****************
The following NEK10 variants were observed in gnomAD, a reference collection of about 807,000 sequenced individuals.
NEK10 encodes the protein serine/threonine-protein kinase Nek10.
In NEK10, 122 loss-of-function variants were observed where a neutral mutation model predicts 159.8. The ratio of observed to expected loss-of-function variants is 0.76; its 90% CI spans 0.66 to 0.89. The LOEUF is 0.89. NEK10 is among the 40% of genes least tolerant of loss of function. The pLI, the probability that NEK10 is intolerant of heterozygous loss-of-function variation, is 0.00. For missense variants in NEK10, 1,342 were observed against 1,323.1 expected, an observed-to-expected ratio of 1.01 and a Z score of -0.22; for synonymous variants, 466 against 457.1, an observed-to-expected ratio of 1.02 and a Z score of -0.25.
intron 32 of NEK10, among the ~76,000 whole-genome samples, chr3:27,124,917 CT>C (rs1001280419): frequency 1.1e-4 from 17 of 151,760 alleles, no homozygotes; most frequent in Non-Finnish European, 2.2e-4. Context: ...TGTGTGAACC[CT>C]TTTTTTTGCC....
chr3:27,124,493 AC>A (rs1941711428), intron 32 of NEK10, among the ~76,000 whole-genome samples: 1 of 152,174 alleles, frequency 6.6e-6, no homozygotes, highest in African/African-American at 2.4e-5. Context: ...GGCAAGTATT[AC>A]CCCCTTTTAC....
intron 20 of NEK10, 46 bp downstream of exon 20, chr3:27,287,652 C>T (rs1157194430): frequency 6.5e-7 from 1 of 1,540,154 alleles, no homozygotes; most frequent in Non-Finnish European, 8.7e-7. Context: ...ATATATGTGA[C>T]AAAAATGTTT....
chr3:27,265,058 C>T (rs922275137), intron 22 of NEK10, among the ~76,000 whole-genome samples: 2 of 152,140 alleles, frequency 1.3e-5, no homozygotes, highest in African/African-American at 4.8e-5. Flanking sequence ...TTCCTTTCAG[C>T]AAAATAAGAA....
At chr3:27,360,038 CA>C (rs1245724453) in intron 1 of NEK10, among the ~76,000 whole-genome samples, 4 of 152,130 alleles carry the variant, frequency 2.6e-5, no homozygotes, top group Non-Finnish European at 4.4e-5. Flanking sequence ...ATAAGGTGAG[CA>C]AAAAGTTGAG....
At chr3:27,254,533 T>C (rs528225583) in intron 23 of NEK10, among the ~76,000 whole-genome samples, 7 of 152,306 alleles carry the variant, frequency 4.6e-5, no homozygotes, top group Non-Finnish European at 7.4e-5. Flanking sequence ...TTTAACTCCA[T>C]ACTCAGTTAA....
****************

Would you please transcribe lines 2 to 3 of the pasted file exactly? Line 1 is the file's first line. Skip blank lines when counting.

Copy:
NEK10 encodes the protein serine/threonine-protein kinase Nek10.
In NEK10, 122 loss-of-function variants were observed where a neutral mutation model predicts 159.8. The ratio of observed to expected loss-of-function variants is 0.76; its 90% CI spans 0.66 to 0.89. The LOEUF is 0.89. NEK10 is among the 40% of genes least tolerant of loss of function. The pLI, the probability that NEK10 is intolerant of heterozygous loss-of-function variation, is 0.00. For missense variants in NEK10, 1,342 were observed against 1,323.1 expected, an observed-to-expected ratio of 1.01 and a Z score of -0.22; for synonymous variants, 466 against 457.1, an observed-to-expected ratio of 1.02 and a Z score of -0.25.